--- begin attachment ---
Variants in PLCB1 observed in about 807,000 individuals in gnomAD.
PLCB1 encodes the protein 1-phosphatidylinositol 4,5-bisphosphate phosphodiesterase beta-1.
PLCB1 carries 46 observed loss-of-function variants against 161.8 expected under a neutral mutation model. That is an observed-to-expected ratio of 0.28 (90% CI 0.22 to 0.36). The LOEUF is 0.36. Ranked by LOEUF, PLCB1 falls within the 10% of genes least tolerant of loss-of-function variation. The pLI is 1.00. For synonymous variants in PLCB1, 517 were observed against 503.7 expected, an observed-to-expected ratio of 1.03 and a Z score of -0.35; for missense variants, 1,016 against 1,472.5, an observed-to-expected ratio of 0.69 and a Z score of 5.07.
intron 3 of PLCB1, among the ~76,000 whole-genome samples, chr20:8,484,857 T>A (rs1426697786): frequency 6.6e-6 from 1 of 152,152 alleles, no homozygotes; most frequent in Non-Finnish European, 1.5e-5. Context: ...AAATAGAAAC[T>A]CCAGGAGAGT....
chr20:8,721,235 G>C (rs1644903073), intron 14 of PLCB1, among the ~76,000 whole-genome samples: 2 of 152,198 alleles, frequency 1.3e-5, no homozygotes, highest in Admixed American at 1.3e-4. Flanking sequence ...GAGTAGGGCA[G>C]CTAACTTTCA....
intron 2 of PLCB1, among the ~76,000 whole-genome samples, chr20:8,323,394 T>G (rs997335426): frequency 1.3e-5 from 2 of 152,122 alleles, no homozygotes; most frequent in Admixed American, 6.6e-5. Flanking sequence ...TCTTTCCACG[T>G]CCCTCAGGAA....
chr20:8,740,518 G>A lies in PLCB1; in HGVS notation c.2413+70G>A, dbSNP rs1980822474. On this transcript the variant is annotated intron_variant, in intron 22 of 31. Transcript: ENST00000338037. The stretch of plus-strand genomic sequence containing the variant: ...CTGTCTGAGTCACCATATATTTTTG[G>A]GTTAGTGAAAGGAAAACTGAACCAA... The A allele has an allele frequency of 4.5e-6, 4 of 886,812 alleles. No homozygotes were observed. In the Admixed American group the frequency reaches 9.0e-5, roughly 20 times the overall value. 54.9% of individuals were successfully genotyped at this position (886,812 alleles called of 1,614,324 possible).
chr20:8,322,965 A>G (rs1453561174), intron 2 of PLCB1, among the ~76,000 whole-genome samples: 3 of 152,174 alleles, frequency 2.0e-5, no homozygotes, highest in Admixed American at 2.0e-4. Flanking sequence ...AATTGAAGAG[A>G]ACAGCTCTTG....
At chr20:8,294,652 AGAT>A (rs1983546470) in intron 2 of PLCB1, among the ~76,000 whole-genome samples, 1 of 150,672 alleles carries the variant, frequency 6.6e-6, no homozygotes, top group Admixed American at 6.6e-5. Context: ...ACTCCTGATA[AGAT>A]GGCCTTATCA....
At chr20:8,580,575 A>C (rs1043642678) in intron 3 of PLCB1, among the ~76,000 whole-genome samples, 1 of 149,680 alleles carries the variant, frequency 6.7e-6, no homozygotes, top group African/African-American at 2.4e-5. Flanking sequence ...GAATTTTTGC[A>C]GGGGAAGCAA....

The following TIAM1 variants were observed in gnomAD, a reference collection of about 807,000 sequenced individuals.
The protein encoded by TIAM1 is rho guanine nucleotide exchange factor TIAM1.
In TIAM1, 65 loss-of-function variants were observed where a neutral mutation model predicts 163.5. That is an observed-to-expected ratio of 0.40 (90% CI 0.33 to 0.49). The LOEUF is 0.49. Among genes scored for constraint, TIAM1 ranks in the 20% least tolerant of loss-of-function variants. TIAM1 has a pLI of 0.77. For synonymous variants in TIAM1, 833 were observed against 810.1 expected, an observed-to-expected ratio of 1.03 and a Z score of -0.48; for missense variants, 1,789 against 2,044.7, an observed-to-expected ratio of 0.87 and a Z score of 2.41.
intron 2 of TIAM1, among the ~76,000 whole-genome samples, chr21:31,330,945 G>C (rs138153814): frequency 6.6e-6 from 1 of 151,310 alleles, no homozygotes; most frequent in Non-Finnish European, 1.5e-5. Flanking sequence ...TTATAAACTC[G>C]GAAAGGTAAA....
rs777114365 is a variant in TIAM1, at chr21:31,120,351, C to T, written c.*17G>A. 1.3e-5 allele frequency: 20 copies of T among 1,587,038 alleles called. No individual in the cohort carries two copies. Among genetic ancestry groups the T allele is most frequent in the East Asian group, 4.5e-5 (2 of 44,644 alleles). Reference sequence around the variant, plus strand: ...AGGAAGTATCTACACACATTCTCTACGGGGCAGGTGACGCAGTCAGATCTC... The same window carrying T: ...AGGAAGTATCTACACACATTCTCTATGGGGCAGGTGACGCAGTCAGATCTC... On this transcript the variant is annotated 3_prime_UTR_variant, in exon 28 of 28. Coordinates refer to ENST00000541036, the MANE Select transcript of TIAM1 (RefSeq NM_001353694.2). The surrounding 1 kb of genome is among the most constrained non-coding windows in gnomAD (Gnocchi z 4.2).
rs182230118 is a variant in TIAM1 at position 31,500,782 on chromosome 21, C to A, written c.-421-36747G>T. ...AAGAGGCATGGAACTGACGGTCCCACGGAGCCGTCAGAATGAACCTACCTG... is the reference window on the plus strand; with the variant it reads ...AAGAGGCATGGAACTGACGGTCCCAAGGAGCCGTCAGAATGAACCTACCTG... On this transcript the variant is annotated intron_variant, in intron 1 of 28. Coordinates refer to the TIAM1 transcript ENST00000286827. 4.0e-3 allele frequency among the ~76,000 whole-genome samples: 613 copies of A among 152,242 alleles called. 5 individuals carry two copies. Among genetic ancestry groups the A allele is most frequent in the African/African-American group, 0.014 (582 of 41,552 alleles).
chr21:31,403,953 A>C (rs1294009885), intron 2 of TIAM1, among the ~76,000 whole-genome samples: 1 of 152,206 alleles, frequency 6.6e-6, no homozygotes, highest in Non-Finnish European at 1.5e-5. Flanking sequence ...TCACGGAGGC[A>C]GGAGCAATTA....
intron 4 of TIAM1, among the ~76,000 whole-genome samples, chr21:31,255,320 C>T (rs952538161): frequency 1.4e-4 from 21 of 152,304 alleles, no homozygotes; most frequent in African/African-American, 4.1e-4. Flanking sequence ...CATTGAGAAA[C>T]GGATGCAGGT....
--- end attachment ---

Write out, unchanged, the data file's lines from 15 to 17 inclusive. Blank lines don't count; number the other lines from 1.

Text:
rs777114365 is a variant in TIAM1, at chr21:31,120,351, C to T, written c.*17G>A. 1.3e-5 allele frequency: 20 copies of T among 1,587,038 alleles called. No individual in the cohort carries two copies. Among genetic ancestry groups the T allele is most frequent in the East Asian group, 4.5e-5 (2 of 44,644 alleles). Reference sequence around the variant, plus strand: ...AGGAAGTATCTACACACATTCTCTACGGGGCAGGTGACGCAGTCAGATCTC... The same window carrying T: ...AGGAAGTATCTACACACATTCTCTATGGGGCAGGTGACGCAGTCAGATCTC... On this transcript the variant is annotated 3_prime_UTR_variant, in exon 28 of 28. Coordinates refer to ENST00000541036, the MANE Select transcript of TIAM1 (RefSeq NM_001353694.2). The surrounding 1 kb of genome is among the most constrained non-coding windows in gnomAD (Gnocchi z 4.2).
rs182230118 is a variant in TIAM1 at position 31,500,782 on chromosome 21, C to A, written c.-421-36747G>T. ...AAGAGGCATGGAACTGACGGTCCCACGGAGCCGTCAGAATGAACCTACCTG... is the reference window on the plus strand; with the variant it reads ...AAGAGGCATGGAACTGACGGTCCCAAGGAGCCGTCAGAATGAACCTACCTG... On this transcript the variant is annotated intron_variant, in intron 1 of 28. Coordinates refer to the TIAM1 transcript ENST00000286827. 4.0e-3 allele frequency among the ~76,000 whole-genome samples: 613 copies of A among 152,242 alleles called. 5 individuals carry two copies. Among genetic ancestry groups the A allele is most frequent in the African/African-American group, 0.014 (582 of 41,552 alleles).
chr21:31,403,953 A>C (rs1294009885), intron 2 of TIAM1, among the ~76,000 whole-genome samples: 1 of 152,206 alleles, frequency 6.6e-6, no homozygotes, highest in Non-Finnish European at 1.5e-5. Flanking sequence ...TCACGGAGGC[A>C]GGAGCAATTA....